News / Africa

Niger Opposition Demands Government Explain Recognition of Libya’s Rebels

Immigrants, who are fleeing the unrest in Libya, unload their belongings in Agadez northen Niger September 15, 2011.
Immigrants, who are fleeing the unrest in Libya, unload their belongings in Agadez northen Niger September 15, 2011.

Multimedia

Audio
  • Clottey interview with Hama Zada, leading member Niger’s main opposition National Movement for the Society of Development (MNSD-Nassara)

Peter Clottey

Niger’s main opposition National Movement for the Society of Development (MNSD-Nassara) party is accusing the government of confusing Nigeriens after it officially recognized Libya’s Transitional National Council (NTC).

Hama Zada, a leading member of the party, says the government undermined African solidarity after it diverged from the African Union’s (AU) position, which stopped short of recognizing the NTC as the legitimate Libyan government.

“[Niamey] first condemned the NTC. They didn’t agree with [its] behavior because it [overthrew the government] in Libya. So, they considered the NTC as rebels,” said Zada. “There is great confusion, and that is why many people want the government to explain, because the people don’t understand.”

Senior officials of the ruling Party for Democracy and Socialism (PNDS-Tarayya) dismissed the accusations as without foundation saying the opposition wants to score “cheap political points.”

Zada said Niger’s government flip-flopped after initially agreeing to the AU’s position at a recent summit in Equatorial Guinea.

The pan-African body insists a political solution – and negotiated settlement --  is the best way to resolve the conflict.

Until recently, Niger had refrained from recognizing the transitional government, despite several African countries doing so.

But some Nigeriens have questioned the rationale behind the government’s change of heart. They contend Niamey is setting a dangerous precedent, which they said could act as an incentive to the Tuareg rebels.

They have been accused of destabilizing countries in the region including Niger. They are suspected of being part of the Libyan army and loyalists who fought for deposed Libyan leader Moammar Gadhafi.

Zada said his party wants a peaceful resolution to the Libya conflict.

He accused the government of erring diplomatically by allowing close aides and the son of deposed Libyan leader Moammar Gadhafi to enter the country.

“Now many people are coming into the country and they [government] say they will take them because they are humanitarian refugees. And they [will] settle them in some big houses of the republic and [the government] said they will take care of them. We don’t understand that,” said Zada.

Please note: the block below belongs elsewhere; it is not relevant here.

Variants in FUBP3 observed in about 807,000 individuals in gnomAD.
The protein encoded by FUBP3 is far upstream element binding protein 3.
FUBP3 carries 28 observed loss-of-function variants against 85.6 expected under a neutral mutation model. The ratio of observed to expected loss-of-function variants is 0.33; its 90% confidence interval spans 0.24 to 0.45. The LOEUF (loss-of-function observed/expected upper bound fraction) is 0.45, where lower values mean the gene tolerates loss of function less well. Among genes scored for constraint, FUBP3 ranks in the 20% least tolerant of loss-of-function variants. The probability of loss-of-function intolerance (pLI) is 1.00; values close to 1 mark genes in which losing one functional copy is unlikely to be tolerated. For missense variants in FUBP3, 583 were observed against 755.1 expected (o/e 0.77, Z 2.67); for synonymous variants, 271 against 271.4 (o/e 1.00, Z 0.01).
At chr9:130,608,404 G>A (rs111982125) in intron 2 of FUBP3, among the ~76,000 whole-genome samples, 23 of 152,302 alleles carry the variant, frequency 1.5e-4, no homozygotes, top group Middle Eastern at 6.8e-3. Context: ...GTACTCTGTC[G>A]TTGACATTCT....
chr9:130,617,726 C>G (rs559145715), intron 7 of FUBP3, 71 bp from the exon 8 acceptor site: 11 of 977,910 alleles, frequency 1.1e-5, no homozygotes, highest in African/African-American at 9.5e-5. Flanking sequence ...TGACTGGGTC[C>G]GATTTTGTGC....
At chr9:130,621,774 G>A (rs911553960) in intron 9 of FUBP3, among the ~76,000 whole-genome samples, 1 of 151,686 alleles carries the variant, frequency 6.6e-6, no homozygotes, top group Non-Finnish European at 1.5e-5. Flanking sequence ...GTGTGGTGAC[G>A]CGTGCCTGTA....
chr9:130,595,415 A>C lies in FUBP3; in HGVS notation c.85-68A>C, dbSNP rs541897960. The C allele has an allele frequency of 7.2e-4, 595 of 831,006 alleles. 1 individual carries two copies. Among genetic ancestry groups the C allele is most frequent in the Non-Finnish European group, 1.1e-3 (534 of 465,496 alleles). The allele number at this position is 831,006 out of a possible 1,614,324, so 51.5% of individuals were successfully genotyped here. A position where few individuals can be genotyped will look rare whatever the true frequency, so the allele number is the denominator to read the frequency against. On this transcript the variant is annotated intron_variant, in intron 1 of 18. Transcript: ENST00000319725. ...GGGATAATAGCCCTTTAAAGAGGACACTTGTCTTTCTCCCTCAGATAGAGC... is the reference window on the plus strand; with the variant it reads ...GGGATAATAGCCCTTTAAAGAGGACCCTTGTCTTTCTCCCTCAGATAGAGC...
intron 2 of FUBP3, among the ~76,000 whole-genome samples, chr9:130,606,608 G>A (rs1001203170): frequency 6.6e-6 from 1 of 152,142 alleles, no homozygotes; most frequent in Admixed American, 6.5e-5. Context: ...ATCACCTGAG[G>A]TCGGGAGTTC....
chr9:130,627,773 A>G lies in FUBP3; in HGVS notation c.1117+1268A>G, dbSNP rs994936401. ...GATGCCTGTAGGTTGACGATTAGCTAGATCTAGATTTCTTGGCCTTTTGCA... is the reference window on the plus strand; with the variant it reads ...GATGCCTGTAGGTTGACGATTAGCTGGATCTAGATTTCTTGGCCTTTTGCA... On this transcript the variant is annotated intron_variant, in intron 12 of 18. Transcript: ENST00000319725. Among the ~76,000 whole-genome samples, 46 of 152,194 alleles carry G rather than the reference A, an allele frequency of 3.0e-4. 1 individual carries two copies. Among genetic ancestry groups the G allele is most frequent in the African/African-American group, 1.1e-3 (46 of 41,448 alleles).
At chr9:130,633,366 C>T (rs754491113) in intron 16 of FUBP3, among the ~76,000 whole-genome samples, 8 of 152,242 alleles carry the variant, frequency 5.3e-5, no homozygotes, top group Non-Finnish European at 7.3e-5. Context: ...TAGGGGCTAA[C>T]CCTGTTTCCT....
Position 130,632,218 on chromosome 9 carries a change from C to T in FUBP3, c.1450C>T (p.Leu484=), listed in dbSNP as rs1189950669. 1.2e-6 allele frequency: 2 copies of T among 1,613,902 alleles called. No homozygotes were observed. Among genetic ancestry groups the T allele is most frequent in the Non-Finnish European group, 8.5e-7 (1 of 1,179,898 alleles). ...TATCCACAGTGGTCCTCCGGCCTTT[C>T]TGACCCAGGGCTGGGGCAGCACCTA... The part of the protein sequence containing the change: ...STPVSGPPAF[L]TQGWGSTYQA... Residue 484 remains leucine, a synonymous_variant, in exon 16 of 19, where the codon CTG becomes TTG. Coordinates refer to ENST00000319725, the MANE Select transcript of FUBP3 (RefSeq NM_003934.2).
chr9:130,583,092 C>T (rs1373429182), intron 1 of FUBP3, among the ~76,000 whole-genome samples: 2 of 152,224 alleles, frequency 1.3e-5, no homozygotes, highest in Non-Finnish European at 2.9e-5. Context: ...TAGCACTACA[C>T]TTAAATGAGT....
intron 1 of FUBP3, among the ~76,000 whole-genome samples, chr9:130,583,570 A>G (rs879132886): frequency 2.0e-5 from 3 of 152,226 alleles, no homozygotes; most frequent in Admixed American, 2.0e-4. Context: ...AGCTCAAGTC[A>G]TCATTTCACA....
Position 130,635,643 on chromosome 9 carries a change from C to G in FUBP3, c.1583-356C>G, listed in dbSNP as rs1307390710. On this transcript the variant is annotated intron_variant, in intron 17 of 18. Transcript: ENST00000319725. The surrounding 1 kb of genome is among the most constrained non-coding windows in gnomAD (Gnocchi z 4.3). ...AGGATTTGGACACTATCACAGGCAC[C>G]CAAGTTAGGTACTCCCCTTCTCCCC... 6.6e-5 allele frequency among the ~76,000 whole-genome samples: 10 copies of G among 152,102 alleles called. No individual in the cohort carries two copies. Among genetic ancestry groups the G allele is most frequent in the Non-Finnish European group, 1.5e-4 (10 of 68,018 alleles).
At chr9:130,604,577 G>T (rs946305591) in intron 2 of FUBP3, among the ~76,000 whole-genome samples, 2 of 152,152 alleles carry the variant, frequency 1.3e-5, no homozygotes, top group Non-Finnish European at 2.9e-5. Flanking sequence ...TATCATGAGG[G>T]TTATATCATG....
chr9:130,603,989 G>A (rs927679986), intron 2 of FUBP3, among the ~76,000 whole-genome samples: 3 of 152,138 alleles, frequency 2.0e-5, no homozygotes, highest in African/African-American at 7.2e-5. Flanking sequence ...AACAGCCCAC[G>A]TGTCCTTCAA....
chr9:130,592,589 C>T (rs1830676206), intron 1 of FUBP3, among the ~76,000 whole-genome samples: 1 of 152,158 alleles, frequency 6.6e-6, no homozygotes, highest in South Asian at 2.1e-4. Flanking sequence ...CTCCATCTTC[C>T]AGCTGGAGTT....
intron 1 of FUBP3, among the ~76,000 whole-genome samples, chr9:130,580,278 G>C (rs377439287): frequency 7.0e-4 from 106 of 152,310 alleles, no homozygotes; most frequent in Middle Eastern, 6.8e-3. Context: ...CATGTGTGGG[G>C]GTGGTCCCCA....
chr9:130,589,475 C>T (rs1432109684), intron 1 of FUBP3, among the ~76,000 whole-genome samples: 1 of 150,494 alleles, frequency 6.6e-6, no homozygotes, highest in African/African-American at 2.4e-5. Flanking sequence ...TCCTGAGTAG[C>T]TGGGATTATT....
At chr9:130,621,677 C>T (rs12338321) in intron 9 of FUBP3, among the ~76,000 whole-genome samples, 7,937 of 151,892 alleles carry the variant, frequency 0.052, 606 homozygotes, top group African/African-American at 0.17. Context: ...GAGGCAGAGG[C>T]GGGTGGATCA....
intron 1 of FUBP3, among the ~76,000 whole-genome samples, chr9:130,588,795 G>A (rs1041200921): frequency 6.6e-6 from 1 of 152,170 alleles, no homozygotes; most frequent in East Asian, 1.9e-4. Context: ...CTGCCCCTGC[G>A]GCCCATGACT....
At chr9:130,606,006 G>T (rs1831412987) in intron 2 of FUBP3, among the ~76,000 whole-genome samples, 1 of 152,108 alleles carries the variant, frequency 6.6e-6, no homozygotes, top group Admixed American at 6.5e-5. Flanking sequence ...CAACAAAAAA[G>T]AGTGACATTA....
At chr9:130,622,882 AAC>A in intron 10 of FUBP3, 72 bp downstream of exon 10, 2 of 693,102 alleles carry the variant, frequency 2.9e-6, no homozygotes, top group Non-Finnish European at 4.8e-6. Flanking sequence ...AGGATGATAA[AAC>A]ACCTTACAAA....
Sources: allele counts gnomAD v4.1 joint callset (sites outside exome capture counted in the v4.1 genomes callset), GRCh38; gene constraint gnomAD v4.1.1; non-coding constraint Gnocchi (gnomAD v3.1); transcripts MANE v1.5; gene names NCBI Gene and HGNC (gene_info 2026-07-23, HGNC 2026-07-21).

You May Like

Video British Fighters on Frontline of Islamic State Information War

It’s estimated that several hundred British citizens are fighting for Islamic State alongside other foreign jihadists More

Pakistan's Political Turmoil Again Shines Spotlight on Military

Thousands of protesters calling for PM Sharif to step down continue protests in front of parliament, as critics fear political impasse could spur another military coup More

Photogallery Ebola Quarantines Spark Anxiety in Liberian Capital

Food prices rise sharply as residents attempting purchases clash with security forces, leaving one person dead More

This forum has been closed.
Comments
     
There are no comments in this forum. Be first and add one

Featured Videos

Your JavaScript is turned off or you have an old version of Adobe's Flash Player. Get the latest Flash player.
Native Bees May Help Save Cropsi
X
Deborah Block
August 22, 2014 12:23 AM
U.S. President Barack Obama has called for a federal strategy to promote the health of bees that have been declining. The honeybee has been waning due to parasites, disease and pesticides. Wild bees may be used to take over their role as crop pollinators. Scientists first need to learn a lot more about wild bees, says biologist Sam Droege, who is pioneering the first national inventory on native bees. VOA’s Deborah Block went to his research laboratory in Beltsville, Maryland, to bring you more.